USP 800 is the standard governing hazardous drugs and their handling during receipt, storage, compounding, dispensing, administration, and disposal of both sterile and nonsterile preparation. USP 800 is in place to protect personnel and environments from hazardous drugs compounds, such as those in chemotherapy drugs or radiopharmaceuticals. USP 800 focuses on the safe handling of hazardous drugs (HDs) to minimize the risk of exposure to healthcare personnel, patients, and the environment. A drug is considered hazardous if
it exhibits one or more of the following characteristics in humans or animals: carcinogenicity, teratogenicity or developmental toxicity, reproductive toxicity, organ toxicity at low doses, genotoxicity, or structure and toxicity profiles of new drugs that mimic existing hazardous drugs.
USP 800 details numerous requirements for HDs, including the responsibilities of personnel handling hazardous drugs; facility and engineering controls; procedures for deactivating, decontaminating, and cleaning; spill control; and documentation.
The USP 800 standard applies to all healthcare personnel who receive, prepare, administer, transport, or come in contact with HDs and any environments where HDs are handled. Any facility that handles HDs must incorporate a number of policies into an occupational safety plan. The bare minimum of these policies to include are: a list of HDs, facility and engineering controls, competent personnel, safe work practices, proper use of PPE, and policies for HD waste segregation and disposal.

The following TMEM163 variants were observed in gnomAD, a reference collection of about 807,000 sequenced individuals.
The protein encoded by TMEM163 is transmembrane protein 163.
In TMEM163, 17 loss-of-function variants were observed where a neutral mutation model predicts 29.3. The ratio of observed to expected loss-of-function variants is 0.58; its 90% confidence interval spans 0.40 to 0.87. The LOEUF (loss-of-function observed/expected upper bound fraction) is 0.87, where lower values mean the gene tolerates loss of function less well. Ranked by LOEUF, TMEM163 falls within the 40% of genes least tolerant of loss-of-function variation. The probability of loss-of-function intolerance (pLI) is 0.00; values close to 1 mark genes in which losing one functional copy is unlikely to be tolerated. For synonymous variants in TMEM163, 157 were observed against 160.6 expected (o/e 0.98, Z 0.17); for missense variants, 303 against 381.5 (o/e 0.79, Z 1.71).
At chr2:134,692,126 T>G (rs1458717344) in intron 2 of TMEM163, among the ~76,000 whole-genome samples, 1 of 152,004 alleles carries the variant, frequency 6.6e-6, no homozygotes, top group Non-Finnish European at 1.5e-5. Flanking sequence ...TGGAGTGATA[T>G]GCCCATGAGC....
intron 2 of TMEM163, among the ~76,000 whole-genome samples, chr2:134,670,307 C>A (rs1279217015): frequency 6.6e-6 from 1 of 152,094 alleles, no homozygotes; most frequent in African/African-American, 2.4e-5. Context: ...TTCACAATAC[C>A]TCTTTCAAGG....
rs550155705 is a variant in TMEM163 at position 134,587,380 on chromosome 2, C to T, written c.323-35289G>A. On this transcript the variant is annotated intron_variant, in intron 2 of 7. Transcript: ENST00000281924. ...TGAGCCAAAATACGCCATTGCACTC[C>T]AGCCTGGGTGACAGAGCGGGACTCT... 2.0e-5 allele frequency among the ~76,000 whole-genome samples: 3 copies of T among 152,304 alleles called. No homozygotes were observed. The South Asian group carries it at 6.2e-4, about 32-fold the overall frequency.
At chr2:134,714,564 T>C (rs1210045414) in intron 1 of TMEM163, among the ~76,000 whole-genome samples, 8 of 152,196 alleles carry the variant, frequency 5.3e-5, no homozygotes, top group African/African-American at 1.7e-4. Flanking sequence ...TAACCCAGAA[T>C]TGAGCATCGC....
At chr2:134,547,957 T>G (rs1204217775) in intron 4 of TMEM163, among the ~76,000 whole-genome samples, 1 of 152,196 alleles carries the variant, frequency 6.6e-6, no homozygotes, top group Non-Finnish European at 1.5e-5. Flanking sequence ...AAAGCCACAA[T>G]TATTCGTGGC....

List of HDs
The documentation for HDs in a facility must include any items on the NIOSH list and must be reviewed at least every 12 months. Any new agents and dosages must be reviewed against the facility’s existing documentation. An assessment of risk should be performed.
The assessment of risk for an HD includes:
- The type of HD
- Dosage form
- Risk of exposure
Facility and Engineering Controls
USP 800 dictates where must be designated areas for receipt, unpacking, and storage of HDs. In addition, a facility needs designated areas for Nonsterile HD compounding and Sterile HD compounding if such actions are performed within. Depending on the HD, certain areas require negative room pressure to contain the HD.
PPE must be worn when handling or coming in contact with HDs at any point, including receipt, storage, transport, compounding – both sterile and nonsterile, administration, spill control, and waste disposal. PPE items can include gloves; gowns; covers for head, hair, sleeves, and shoes; eye and face protection, and respiratory protection.
Personnel must be trained and demonstrate handling competencies before handling any HDs. The compounding supervisor must be trained in every aspect of the HD handling process. HD waste disposal must comply with all applicable federal, state, and local regulations, including unused HDs and trace-contaminated PPE and other materials.